Buy a guitar and help kids battle cancer

Posted 08 May 2010 in Guitar Heroics

There are a lot of fake vintage guitars in the market, but if you want to be certain of getting a real one, log on to the Roots of Rock Collection ( before it sells out. The collection, which originally consisted of more than 300 mint-state vintage guitars and amplifiers, appraised at US$4-million to US$4.5-million, belonged to Tony Melman, a former managing director at Onex Corp. and now chairman and CEO of Nevele Partners Inc. in Toronto. Mr. Melman donated his collection to the Toronto Community Foundation as a means of raising money to fight children’s cancer. All proceeds from sales of the guitars go to the Pediatric Oncology Group of Ontario, or POGO.

Mr. Melman’s daughter Vanessa contracted Hodgkin’s disease at 13 and was treated by Mark Greenberg, senior pediatric oncologist at the Hospital for Sick Children. Vanessa survived, grew up, got married and had a child of her own, a miracle that prompted Mr. Melman to want to give away something he really loved, his guitar collection, to support research into fighting children’s cancer.

“If I can help one family, it was worth it,” Mr. Melman said.

Mr. Melman had methodically assembled the collection over about six years, with the aim of paying tribute to the artists and guitar makers who gave birth to rock music. He insisted each instrument be in nearly mint condition and had each potential purchase inspected by luthier Doug Harrison to weed out refinished instruments and others that were not what they were purported to be.

“There were a couple of instances where people were trying to play games,” Mr. Melman said.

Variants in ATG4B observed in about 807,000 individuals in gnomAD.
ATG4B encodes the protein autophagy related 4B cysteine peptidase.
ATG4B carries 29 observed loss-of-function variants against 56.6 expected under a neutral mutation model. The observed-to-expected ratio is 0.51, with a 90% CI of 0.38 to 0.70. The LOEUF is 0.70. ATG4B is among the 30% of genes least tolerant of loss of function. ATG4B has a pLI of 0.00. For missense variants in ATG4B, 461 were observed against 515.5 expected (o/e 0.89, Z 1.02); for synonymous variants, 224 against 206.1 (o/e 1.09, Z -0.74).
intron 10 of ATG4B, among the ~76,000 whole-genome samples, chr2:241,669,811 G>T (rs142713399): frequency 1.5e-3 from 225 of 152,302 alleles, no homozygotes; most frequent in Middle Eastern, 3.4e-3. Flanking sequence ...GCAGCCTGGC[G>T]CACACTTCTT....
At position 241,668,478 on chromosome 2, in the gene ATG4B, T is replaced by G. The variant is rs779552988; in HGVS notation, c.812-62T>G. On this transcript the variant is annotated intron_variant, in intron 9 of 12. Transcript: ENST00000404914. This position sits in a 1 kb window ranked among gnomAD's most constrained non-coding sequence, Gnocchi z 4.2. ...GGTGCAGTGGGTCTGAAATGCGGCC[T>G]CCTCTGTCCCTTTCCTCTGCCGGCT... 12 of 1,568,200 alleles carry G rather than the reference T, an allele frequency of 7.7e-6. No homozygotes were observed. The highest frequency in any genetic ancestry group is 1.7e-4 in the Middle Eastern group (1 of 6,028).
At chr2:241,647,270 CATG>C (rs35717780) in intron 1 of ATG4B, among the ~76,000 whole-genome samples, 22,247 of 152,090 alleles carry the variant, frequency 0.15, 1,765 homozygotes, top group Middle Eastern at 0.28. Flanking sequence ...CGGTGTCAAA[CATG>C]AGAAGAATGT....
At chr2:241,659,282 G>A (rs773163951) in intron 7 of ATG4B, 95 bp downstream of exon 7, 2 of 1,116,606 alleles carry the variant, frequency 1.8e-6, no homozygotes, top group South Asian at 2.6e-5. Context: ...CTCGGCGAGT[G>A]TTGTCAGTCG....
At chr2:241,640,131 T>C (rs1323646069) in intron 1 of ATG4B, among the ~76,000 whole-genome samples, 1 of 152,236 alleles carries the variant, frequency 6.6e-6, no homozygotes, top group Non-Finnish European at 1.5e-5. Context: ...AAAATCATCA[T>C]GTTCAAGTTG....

He aimed to collect each variant of each model, favouring those with natural wood finishes. He never planned to sell. Eventually, his basement music studio was jammed with 295 guitars hung from the ceiling on chrome hangers, sharing space with nearly 100 vintage amplifiers.

“You couldn’t move in there,” he said.

The first items from his collection began selling in December 2004, and about USD4,000,000 worth of guitars and amplifiers have been sold, with all proceeds going to POGO. Only 27 guitars and seven guitar amplifiers worth about USD300,000 remain, safely locked away in a vault at Love Music in Scarborough, Ont.

Among the guitars left to be bought are a Paul Reed Smith Dragon II for USD28,999, a 1981 Gibson Kalamazoo Award Model for USD27,999 and two Gibson Switchmasters for about USD25,000 each. A buyer in Monaco recently paid USD23,000 for a Harley-Davidson Stratocaster.

Since his decision to donate his collection, 50 to 60 modern guitars — and some vintages repurchased from the Roots of Rock collection — have crept back into Mr. Melman’s now roomy studio, although he no longer travels the world shopping for vintage guitars.

“I still love guitar playing, but as much as I love my music, I can’t do what I used to do.”


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